Thus, one may extrapolate from the findings of this study that shamanic-like techniques could be a useful technique to employ in psycholog-icaltherapy for highly schizotypal clients. Consequently, one implication of this finding for personality theory is the therapeutic potential associated with the schizotypy construct in the context of exposure to certain stimulus conditions (e.g., shamanic-like journeying with drumming).
Altered Experience Mediates the Relationship between Schizotypy and Mood Disturbance during Shamanic-Like Journeying ADAM ROCK, GAVIN ABBOTT, AND NICOLAS KAMBOUROPOULOS, Journal of Scientific Exploration, 2008, 22(3): 371-384.
To determine the role of group-drumming music therapy as a composite activity with potential for alteration of stress-related hormones and enhancement of specific immunologic measures associated with natural killer cell activity and cell-mediated immunity…. A total of 111 age- and sex-matched volunteer subjects (55 men and 56 women, with a mean age of 30.4 years) were recruited. Group drumming resulted in increased dehydroepiandrosterone-to-cortisol ratios, increased natural killer cell activity, and increased lymphokine-activated killer cell activity without alteration in plasma interleukin 2 or interferon-gamma, or in the Beck Anxiety Inventory and the Beck Depression Inventory II. CONCLUSIONS: Drumming is a complex composite intervention with the potential to modulate specific neuroendocrine and neuroimmune parameters in a direction opposite to that expected with the classic stress response.
Composite effects of group drumming music therapy on modulation of neuroendocrine-immune parameters in normal subjects. Bittman, BB, Berk, L.S., Felten, D.L., Westengard, J., Simonton, O.c., Pappas, J., NineHouser, M., Alternative therapies in health and medicine, 2001, 7(1): 38-47.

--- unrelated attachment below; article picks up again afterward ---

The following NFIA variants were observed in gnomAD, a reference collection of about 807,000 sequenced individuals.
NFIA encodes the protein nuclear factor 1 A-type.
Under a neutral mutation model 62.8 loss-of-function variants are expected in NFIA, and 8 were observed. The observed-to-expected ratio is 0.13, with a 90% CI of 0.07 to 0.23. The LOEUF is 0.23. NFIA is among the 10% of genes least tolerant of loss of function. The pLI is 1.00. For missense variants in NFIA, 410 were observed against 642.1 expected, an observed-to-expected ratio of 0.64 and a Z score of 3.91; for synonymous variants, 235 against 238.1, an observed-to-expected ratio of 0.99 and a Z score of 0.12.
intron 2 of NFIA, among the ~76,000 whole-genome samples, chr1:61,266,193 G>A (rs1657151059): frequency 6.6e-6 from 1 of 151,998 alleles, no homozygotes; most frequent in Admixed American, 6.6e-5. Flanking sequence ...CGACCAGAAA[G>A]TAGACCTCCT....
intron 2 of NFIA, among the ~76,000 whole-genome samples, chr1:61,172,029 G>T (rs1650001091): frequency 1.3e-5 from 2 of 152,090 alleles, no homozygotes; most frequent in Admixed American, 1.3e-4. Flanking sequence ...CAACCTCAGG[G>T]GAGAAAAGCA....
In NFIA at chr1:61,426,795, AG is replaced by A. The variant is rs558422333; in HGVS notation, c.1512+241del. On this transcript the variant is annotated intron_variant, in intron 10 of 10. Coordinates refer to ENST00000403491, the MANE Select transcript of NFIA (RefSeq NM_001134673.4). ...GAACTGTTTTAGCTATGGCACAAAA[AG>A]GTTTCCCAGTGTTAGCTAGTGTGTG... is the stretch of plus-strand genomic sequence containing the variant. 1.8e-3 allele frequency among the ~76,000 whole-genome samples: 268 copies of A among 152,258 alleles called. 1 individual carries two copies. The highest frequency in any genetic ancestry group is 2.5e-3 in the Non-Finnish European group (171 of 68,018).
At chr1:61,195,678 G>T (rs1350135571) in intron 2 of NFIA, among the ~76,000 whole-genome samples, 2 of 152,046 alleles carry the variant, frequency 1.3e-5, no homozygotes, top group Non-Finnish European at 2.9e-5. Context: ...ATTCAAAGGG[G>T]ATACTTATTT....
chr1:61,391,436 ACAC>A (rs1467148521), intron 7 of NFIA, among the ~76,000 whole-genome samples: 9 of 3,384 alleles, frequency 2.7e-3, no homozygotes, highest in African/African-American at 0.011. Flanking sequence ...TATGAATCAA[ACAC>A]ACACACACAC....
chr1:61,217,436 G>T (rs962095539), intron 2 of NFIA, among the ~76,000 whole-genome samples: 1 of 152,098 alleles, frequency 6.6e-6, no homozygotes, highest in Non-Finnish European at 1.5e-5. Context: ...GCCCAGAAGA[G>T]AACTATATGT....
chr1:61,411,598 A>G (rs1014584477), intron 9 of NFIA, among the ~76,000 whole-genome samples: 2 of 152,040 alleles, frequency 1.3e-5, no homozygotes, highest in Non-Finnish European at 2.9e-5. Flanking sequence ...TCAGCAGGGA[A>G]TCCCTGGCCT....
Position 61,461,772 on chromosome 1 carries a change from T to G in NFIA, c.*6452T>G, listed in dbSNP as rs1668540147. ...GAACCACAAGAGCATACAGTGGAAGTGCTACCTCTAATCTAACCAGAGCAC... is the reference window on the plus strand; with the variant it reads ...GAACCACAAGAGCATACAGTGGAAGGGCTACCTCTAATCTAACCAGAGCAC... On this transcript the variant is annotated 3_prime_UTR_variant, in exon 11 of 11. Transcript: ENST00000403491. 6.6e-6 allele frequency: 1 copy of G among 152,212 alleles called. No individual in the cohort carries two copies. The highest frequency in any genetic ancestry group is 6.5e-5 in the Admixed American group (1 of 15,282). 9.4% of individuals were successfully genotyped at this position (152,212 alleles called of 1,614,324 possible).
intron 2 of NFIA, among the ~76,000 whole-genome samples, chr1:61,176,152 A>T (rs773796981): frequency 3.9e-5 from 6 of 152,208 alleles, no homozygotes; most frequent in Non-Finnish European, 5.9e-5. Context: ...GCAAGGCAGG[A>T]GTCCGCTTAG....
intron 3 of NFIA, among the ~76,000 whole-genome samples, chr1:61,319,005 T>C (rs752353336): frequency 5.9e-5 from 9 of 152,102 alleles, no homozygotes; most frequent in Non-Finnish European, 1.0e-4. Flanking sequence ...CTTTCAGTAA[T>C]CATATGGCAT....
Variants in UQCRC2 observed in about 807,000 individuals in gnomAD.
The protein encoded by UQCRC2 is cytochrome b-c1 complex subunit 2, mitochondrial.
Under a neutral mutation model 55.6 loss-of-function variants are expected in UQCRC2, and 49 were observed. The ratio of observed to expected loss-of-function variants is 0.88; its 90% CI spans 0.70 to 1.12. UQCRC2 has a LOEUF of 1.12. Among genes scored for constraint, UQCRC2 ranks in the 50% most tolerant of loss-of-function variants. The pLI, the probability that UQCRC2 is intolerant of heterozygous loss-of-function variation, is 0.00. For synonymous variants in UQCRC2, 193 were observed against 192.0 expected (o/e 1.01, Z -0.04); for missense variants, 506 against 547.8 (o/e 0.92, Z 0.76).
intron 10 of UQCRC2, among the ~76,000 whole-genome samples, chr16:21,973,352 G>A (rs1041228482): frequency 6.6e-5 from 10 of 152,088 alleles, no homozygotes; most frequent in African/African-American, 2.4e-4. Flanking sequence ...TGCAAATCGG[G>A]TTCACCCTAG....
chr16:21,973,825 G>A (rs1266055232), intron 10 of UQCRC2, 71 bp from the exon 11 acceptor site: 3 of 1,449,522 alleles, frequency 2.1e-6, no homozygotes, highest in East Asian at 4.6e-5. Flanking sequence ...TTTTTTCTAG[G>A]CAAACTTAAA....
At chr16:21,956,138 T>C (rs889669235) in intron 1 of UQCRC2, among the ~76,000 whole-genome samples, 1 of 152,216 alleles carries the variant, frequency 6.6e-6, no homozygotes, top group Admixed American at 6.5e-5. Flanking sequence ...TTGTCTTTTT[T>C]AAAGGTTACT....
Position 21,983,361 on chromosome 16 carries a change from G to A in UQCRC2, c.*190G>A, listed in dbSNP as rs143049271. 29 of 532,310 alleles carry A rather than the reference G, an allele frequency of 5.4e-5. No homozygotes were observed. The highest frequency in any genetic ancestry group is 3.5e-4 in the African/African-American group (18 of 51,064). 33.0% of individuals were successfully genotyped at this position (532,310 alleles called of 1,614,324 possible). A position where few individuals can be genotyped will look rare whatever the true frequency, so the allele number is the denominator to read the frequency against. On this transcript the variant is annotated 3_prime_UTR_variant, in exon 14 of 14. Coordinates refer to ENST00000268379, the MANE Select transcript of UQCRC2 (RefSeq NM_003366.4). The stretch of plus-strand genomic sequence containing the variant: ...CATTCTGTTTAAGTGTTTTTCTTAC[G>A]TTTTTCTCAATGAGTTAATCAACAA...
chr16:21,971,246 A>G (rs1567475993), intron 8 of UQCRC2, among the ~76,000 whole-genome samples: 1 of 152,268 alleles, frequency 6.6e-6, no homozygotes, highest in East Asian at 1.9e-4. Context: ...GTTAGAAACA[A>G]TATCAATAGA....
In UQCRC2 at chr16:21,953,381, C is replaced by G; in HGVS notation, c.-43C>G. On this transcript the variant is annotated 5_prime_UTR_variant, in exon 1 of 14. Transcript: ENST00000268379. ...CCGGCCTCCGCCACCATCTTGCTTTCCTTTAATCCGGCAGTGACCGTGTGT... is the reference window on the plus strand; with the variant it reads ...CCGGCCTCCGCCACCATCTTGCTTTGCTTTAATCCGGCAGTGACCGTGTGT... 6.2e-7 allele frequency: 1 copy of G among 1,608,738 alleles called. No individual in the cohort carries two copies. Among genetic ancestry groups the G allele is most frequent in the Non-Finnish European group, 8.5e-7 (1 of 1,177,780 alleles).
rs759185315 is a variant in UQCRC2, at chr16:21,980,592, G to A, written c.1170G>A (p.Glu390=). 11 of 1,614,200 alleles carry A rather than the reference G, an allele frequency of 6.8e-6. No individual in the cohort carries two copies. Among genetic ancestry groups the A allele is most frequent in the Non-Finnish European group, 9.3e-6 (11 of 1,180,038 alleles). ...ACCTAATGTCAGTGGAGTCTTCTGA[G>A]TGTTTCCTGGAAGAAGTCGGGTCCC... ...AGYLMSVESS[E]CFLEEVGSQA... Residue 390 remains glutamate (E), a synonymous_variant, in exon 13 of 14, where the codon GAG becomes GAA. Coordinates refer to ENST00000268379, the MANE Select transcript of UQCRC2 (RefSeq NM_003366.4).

One possible physiological correlate of ecstatic and mystical experiences involves electrical changes in the deep structures of the temporal lobes. These may involve either (a) ictal events, such as TLTs with amygdala participation or milder forms of temporal lobe seizures without pronounced amygdala involvement, and/or (b) interictalhippocampal high-voltage, slow-wave hypersynchrony without amygdala involvement.
These electrical changes may either occur spontaneously or be induced by a variety of behaviors, all of which have been used by shamans to enter trance states.
Temporal lobe transients and mild TLE may provide a neurological substrate for the development of mature shamanic ASCs. The actual control of these ictal events, through the cultivation of interictalhypersynchrony, may provide the method for entering and controlling shamanic ASCs.
Hippocampal high-amplitude, slow-wave hypersynchrony may provide neurobiological contributions to shamanic reintegration after the initiatory crises and to continuing mental and physical health.
Both genetic and nongenetic physiological factors interact with learned behavior to influence shamanic ASCs. Hallucinogenic plant substances have a strong capacity to bypass any lack of physiological predisposition to developing ASCs. The typically long training periods allow for shamanic ASCs to be "shaped" by various induction procedures and cultural expectations. This shaping process affects the phenomenology of these ASCs and, very likely, the specifics of their neurophysiology as well.
The intricacies of the brain allow for a myriad of subtle electrochemical interconnections and effects--effects that are not limited to the physical body. How biological process connects with the lived human experience is a fascinating and ultimately mysterious dance. The study of the psychobiology of shamanism offers a particularly rich window onto this realm.
The West Integrates the Non-western